One year later: congenital heart defect screenings - 14 News, WFIE, Evansville, Henderson, Owensboro

One year later: congenital heart defect screenings

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EVANSVILLE, IN (WFIE) - This time last year, a new rule went in effect in Indiana that requires screenings for congenital heart defects in all babies born at birthing facilities.

When that law started in 2012, 14 News spoke with a pediatric cardiologist from St. Mary's. Now we're checking back with her for an update. What have doctors learned about these screenings in one year? Are they still considered life saving?

Pulse ox tests are non-invasive screenings done on newborns after 24 hours of age.

"The intent is to pick up any type of congenital heart disease that might not otherwise be caught that might require intervention before an infant goes home," said pediatric cardiologist Deepa Kumbar. "All it is, they put a little sensor around the baby's hand and then around their foot, either on their toe or on their heel, and it detects using light how much oxygen is actually in the blood and oxygen levels in the blood."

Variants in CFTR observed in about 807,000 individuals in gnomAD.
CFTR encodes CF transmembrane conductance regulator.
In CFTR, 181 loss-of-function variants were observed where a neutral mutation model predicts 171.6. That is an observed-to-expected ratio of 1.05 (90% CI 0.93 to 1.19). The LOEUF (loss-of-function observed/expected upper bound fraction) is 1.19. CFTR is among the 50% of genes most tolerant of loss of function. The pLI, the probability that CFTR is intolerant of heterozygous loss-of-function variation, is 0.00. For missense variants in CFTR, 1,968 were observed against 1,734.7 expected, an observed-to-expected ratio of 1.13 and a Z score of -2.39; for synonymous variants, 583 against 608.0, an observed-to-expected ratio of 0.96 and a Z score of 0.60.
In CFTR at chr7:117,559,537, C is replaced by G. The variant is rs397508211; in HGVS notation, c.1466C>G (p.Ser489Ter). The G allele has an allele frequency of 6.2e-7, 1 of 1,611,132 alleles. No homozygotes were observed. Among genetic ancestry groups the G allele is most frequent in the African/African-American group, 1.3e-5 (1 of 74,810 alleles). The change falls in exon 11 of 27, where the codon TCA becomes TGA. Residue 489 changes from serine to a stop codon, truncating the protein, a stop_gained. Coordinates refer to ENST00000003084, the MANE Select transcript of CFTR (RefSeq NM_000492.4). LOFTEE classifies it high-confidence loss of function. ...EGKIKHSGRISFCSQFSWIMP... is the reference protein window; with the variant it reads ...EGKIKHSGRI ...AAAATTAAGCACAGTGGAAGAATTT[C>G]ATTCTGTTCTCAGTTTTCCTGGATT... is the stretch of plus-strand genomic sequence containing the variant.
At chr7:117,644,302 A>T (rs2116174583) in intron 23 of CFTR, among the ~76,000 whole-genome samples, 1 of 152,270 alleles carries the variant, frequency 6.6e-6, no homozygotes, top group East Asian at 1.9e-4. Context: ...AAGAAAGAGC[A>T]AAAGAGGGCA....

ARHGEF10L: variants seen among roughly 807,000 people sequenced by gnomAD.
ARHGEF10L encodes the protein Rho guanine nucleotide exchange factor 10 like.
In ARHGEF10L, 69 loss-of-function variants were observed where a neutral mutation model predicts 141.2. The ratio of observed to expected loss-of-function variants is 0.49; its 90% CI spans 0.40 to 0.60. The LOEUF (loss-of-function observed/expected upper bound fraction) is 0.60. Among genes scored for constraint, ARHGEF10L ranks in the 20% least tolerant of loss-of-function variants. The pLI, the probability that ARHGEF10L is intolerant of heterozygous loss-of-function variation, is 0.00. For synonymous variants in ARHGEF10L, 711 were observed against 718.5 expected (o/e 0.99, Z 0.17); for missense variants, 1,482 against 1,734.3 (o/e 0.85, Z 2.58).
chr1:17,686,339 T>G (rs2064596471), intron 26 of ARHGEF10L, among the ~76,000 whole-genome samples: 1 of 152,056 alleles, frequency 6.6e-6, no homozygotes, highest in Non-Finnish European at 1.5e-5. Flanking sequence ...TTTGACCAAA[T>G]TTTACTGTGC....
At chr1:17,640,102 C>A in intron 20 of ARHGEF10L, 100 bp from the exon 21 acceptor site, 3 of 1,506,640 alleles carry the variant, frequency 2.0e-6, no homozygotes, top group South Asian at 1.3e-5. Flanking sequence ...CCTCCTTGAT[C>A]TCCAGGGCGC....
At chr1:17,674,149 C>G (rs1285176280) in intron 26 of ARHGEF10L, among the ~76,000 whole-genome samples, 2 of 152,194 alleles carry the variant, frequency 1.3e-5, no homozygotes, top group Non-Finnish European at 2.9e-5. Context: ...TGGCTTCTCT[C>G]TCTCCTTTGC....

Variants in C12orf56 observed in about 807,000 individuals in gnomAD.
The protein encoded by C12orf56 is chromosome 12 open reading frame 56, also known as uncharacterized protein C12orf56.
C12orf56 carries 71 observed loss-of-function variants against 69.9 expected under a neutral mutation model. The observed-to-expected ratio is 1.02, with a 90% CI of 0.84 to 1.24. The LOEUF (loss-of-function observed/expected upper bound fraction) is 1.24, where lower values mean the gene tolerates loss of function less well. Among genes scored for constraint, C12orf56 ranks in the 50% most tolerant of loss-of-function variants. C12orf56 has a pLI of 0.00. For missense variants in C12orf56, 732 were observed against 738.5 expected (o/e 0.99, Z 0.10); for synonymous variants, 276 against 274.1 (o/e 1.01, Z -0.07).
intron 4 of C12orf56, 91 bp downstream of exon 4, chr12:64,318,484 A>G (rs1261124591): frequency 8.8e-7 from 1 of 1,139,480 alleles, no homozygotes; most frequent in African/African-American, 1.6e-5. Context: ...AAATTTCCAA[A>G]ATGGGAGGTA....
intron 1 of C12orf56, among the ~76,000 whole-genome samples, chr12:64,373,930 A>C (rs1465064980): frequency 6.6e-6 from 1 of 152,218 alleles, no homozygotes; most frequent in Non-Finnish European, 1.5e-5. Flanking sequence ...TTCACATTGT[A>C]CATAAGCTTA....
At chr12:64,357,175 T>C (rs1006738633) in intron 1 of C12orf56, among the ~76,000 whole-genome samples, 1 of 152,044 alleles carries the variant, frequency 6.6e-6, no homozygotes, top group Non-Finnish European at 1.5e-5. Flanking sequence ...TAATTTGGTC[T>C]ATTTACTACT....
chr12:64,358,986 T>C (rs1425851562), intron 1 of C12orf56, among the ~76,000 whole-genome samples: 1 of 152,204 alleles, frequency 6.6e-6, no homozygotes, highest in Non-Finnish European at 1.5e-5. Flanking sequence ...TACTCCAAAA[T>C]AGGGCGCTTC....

In one year's time, Dr. Kumbar says she's had four or five patients fail the test but one only who was a true positive. A true positive means that baby had a congenital heart defect and needed treatment quickly.

Doctors say when a baby is born with a heart defect, it isn't always physically obvious.

The test helps doctors know if an infant needs to be treated.

"Sometimes an infant looks very well and these things are not easily picked up so the infant, if they were to go home with some of these lesions, they can have life threatening events happen," said Dr. Kumbar.

Dr. Kumbar says it can be very dangerous if a child's heart problem goes unrecognized.

"There have been infants who have gone home and had heart disease be undetected, then come back in carcinogenic shock and not make it," said Dr. Kumbar.

Dr. Kumbar says the screenings will not detect all heart problems. Parents should still know what to look for.

"Difficulty breathing, breathing too fast, looking lethargic, they may look modeled in color, just not acting right and those are the signs to bring them in for anything," states Dr. Kumbar.

The screenings still aren't required in all states.

Dr. Kumbar says they're still learning how effective the test is.

She says in Indiana within the last year, there have been 30-40 babies who've failed the test but the database to tell how many of those were due to congenital heart defects is not yet available.

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